Email market for out of season, seasonal products??

  • 12 April 2024
  • 4 replies

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My potential client sells specialist wolly jumpers with a connection to a unique heritage. Their sales are quite seasonal. Most of their business is conducted in Q4.

Their database is 20% European and 80% American.

They currently send 2/3 emails per month - all promotional.

I was advising them that they could and should be sending a lot more to more targeted segments.

They seem to be of the opinion that they don't need to send that much as they don't want to be annoying people who are months away from being in the market for a wolly jumper.

Quote for context: “We don’t want to be sending people from Miami emails about wolly jumpers in summer”

I still think they can send some valuable emails. As they basically have no story based emails in their arsenal.

Wondering if anyone else has worked with a seasonal product, and more specifically what the strategy is in the off season?


Best answer by bluesnapper 12 April 2024, 09:33

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Userlevel 7
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Welcome to the community @GV123 

I agree with your proposed approach in principle. For seasonal products, the ‘in-between season’ period can be used to create engagement, anticipation, and keep the brand front of mind even if they’re not ready to purchase.

When coming up with content ideas, I use ‘time and space’ that can produce some interesting content ie how winter wear has changed over the past x years (style, materials etc) or how winter wear differs across different locations and why.

That content also could include the brand ‘stories’ you mentioned and educational/promo content such as:

  • behind the scenes to showcase the designers, artisans, fabric origins (countries, the sheep from which the wool is produced etc), colour choices, production techniques etc.  
  • lifestyle lookbooks for the upcoming winter collection that will inspire customers
  • Brand approach to sustainability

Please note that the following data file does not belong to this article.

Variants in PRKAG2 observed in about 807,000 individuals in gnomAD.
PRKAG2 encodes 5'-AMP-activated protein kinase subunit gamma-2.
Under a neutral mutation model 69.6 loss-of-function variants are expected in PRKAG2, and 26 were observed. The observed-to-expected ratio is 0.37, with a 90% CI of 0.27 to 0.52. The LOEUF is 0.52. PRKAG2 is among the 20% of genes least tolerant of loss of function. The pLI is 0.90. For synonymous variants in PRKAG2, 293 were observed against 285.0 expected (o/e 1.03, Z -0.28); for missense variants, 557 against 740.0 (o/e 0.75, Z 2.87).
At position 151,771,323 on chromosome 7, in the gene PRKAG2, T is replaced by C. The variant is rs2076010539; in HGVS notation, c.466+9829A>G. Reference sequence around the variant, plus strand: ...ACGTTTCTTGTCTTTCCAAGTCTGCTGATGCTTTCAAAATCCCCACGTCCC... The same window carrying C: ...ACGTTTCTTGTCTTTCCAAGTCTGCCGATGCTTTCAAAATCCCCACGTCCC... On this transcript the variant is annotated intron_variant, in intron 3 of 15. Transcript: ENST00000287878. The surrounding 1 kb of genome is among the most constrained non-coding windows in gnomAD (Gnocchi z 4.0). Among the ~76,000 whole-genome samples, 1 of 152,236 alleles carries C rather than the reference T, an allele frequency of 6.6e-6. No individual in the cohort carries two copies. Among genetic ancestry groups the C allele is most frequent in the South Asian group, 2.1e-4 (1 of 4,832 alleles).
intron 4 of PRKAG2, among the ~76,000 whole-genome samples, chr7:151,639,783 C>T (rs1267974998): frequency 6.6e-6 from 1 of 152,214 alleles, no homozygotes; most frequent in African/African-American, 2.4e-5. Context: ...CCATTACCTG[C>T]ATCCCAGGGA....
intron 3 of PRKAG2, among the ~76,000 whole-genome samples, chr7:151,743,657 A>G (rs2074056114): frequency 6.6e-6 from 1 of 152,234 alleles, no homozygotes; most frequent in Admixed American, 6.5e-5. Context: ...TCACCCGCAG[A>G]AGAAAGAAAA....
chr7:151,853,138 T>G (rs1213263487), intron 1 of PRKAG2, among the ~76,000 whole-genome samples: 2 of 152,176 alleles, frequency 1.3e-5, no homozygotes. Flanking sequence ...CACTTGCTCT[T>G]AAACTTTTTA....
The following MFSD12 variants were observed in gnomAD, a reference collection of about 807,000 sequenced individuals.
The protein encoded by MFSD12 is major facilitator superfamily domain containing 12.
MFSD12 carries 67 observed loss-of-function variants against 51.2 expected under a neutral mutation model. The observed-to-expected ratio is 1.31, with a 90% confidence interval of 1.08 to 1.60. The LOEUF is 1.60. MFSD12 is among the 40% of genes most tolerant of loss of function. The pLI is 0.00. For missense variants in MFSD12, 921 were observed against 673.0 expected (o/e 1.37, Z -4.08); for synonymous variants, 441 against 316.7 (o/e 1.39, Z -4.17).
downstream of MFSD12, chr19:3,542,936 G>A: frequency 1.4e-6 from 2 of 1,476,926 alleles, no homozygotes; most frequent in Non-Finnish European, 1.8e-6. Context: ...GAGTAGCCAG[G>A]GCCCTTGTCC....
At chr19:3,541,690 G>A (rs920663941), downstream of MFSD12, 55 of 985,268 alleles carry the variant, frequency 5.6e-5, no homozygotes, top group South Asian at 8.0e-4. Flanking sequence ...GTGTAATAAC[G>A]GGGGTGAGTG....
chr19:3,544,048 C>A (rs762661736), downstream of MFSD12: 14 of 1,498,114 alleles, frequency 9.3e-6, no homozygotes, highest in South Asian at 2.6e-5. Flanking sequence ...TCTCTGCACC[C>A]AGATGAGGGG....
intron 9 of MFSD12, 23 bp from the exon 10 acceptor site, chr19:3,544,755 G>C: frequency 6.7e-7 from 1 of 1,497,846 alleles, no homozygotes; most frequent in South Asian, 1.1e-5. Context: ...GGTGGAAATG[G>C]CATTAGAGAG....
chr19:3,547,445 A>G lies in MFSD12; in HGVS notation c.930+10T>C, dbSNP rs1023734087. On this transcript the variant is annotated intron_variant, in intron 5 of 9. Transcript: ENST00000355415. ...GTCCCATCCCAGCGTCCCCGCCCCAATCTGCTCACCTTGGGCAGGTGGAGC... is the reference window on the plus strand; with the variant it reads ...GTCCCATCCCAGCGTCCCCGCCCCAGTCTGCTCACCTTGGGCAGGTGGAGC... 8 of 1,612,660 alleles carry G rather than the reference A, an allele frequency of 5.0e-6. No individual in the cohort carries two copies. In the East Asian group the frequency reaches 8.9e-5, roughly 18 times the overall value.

• Any new innovations in next season’s clothing
  • Early bird. That could be pre-orders to secure something from the next season's collection (scarcity) or signing up for a discount when next season's collection is available or a season ‘launch’ date  - that will allow you to hit a list to remind them to redeem that discount
  • Competitions - always good for engagement though best results are from targeting existing customers to minimise low quality competition hunters
  • Maintaining and storing their winter clothing during the off-season
  • etc 😀

Obviously, you’ll need to keep an eye on engagement metrics to see what is resonating with their audience.

You could also create a segment of loyal customers based on their number of historical purchasers and email engagement then survey them to ask what content they’d like to see.

If you present the types of ideas above to the client, that may get them to think out of the box as they seem to be firmly in there at the moment!

Hope that helps and that you win your client!



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You hit it out of the park. Thank you for such a detailed answer.All these points are so useful, I’ll definitely be proposing all of these.


If I could trouble you for you insight on another topic:

What’s your opinion on the promotion side of things?


I was thinking (tell me if this is mad) of finding a heat map of the USA throughout displaying the teperatures of different locations throughout the year and creating some segments based on the locations that would be cold enough to warrant needing a jumper at that time.

I believe there could be some other options too. Just a little stuck for ideas at the moment.


Thanks again, you really helped me out a lot there.


Userlevel 7
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No problem @GV123 Glad to have helped

There are no mad ideas in dig. marketing, only untested hypotheses. 😀 

I like your idea of pre-emptively targeting contacts by predicted cold snap! Geo-location is not 100% so customers with submitted postal addresses will likely work best. 

If you have access to their customer data, I think an overlay of sales by regional winter temperature would pique your client’s interest, as long as you can add some actionable insight to that data, e.g., two states with similar winter weather but one with much lower sales.



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Excellent, thanks very much Andy! You're the man.